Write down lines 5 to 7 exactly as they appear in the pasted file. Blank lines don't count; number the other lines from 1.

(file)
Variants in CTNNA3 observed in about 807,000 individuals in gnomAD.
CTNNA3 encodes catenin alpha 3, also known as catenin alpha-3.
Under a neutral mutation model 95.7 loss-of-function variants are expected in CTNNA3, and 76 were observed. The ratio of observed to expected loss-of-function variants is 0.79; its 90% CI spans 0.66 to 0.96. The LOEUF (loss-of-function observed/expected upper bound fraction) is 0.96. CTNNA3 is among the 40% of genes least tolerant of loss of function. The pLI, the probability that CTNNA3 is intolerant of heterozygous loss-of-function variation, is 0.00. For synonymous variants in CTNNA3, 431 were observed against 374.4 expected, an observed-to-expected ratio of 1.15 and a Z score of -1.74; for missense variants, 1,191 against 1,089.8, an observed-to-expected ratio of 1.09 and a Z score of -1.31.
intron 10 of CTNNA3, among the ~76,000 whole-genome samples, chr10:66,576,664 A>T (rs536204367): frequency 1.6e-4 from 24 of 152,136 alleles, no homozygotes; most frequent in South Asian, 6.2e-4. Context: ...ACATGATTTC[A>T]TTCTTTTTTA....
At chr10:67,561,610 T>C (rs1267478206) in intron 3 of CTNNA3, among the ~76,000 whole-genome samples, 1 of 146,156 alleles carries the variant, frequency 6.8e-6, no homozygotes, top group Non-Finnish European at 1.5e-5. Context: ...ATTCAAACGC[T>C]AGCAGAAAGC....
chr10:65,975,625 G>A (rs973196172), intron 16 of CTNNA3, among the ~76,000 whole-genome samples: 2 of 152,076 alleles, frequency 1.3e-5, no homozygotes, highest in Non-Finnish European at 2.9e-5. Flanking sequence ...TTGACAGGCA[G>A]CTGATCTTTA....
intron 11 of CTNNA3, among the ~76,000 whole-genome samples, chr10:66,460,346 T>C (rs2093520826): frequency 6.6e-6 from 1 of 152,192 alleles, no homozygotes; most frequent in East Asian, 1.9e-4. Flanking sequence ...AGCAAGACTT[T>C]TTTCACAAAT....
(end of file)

At chr10:67,561,610 T>C (rs1267478206) in intron 3 of CTNNA3, among the ~76,000 whole-genome samples, 1 of 146,156 alleles carries the variant, frequency 6.8e-6, no homozygotes, top group Non-Finnish European at 1.5e-5. Context: ...ATTCAAACGC[T>C]AGCAGAAAGC....
chr10:65,975,625 G>A (rs973196172), intron 16 of CTNNA3, among the ~76,000 whole-genome samples: 2 of 152,076 alleles, frequency 1.3e-5, no homozygotes, highest in Non-Finnish European at 2.9e-5. Flanking sequence ...TTGACAGGCA[G>A]CTGATCTTTA....
intron 11 of CTNNA3, among the ~76,000 whole-genome samples, chr10:66,460,346 T>C (rs2093520826): frequency 6.6e-6 from 1 of 152,192 alleles, no homozygotes; most frequent in East Asian, 1.9e-4. Flanking sequence ...AGCAAGACTT[T>C]TTTCACAAAT....